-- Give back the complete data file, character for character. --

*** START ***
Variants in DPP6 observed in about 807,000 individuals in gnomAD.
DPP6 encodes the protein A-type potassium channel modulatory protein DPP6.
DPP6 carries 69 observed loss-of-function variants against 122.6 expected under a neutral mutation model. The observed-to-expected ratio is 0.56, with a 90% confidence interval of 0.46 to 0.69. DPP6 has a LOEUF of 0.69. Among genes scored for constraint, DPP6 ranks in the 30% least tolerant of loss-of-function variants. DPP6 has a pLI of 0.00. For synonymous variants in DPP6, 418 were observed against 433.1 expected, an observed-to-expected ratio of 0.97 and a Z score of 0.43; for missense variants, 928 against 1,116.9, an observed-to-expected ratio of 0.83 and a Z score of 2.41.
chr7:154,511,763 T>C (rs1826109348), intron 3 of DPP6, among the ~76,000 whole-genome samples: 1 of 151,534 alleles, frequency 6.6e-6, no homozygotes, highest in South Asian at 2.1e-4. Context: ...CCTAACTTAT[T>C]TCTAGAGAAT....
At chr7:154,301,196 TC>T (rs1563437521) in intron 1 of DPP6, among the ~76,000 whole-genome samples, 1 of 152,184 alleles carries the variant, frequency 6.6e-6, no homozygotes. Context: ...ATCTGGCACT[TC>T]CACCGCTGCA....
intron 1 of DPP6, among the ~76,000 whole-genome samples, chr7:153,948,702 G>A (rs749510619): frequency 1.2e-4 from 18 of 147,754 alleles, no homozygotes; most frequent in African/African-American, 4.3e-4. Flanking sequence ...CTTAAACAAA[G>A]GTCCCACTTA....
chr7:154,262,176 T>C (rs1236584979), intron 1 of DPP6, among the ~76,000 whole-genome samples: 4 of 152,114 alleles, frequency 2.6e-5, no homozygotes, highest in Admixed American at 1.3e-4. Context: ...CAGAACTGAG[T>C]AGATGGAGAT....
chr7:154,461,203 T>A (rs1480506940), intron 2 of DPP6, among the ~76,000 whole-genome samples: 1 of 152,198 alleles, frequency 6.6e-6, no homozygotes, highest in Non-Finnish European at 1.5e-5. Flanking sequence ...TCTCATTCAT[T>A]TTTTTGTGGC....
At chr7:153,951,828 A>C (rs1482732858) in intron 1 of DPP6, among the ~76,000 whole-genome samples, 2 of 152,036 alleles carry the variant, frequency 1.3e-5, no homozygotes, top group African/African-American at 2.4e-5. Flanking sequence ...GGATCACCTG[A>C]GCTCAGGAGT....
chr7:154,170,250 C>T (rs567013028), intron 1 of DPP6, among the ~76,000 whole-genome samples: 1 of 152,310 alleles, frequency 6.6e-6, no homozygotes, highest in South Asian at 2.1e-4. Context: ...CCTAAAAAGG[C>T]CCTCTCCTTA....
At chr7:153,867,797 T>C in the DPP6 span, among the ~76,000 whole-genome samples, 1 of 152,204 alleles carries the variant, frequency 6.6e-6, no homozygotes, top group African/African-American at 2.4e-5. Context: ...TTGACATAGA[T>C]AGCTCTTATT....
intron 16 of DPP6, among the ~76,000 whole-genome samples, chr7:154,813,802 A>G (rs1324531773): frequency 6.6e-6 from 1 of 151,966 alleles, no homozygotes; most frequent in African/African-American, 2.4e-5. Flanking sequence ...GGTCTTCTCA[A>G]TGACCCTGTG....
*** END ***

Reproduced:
Variants in DPP6 observed in about 807,000 individuals in gnomAD.
DPP6 encodes the protein A-type potassium channel modulatory protein DPP6.
DPP6 carries 69 observed loss-of-function variants against 122.6 expected under a neutral mutation model. The observed-to-expected ratio is 0.56, with a 90% confidence interval of 0.46 to 0.69. DPP6 has a LOEUF of 0.69. Among genes scored for constraint, DPP6 ranks in the 30% least tolerant of loss-of-function variants. DPP6 has a pLI of 0.00. For synonymous variants in DPP6, 418 were observed against 433.1 expected, an observed-to-expected ratio of 0.97 and a Z score of 0.43; for missense variants, 928 against 1,116.9, an observed-to-expected ratio of 0.83 and a Z score of 2.41.
chr7:154,511,763 T>C (rs1826109348), intron 3 of DPP6, among the ~76,000 whole-genome samples: 1 of 151,534 alleles, frequency 6.6e-6, no homozygotes, highest in South Asian at 2.1e-4. Context: ...CCTAACTTAT[T>C]TCTAGAGAAT....
At chr7:154,301,196 TC>T (rs1563437521) in intron 1 of DPP6, among the ~76,000 whole-genome samples, 1 of 152,184 alleles carries the variant, frequency 6.6e-6, no homozygotes. Context: ...ATCTGGCACT[TC>T]CACCGCTGCA....
intron 1 of DPP6, among the ~76,000 whole-genome samples, chr7:153,948,702 G>A (rs749510619): frequency 1.2e-4 from 18 of 147,754 alleles, no homozygotes; most frequent in African/African-American, 4.3e-4. Flanking sequence ...CTTAAACAAA[G>A]GTCCCACTTA....
chr7:154,262,176 T>C (rs1236584979), intron 1 of DPP6, among the ~76,000 whole-genome samples: 4 of 152,114 alleles, frequency 2.6e-5, no homozygotes, highest in Admixed American at 1.3e-4. Context: ...CAGAACTGAG[T>C]AGATGGAGAT....
chr7:154,461,203 T>A (rs1480506940), intron 2 of DPP6, among the ~76,000 whole-genome samples: 1 of 152,198 alleles, frequency 6.6e-6, no homozygotes, highest in Non-Finnish European at 1.5e-5. Flanking sequence ...TCTCATTCAT[T>A]TTTTTGTGGC....
At chr7:153,951,828 A>C (rs1482732858) in intron 1 of DPP6, among the ~76,000 whole-genome samples, 2 of 152,036 alleles carry the variant, frequency 1.3e-5, no homozygotes, top group African/African-American at 2.4e-5. Flanking sequence ...GGATCACCTG[A>C]GCTCAGGAGT....
chr7:154,170,250 C>T (rs567013028), intron 1 of DPP6, among the ~76,000 whole-genome samples: 1 of 152,310 alleles, frequency 6.6e-6, no homozygotes, highest in South Asian at 2.1e-4. Context: ...CCTAAAAAGG[C>T]CCTCTCCTTA....
At chr7:153,867,797 T>C in the DPP6 span, among the ~76,000 whole-genome samples, 1 of 152,204 alleles carries the variant, frequency 6.6e-6, no homozygotes, top group African/African-American at 2.4e-5. Context: ...TTGACATAGA[T>C]AGCTCTTATT....
intron 16 of DPP6, among the ~76,000 whole-genome samples, chr7:154,813,802 A>G (rs1324531773): frequency 6.6e-6 from 1 of 151,966 alleles, no homozygotes; most frequent in African/African-American, 2.4e-5. Flanking sequence ...GGTCTTCTCA[A>G]TGACCCTGTG....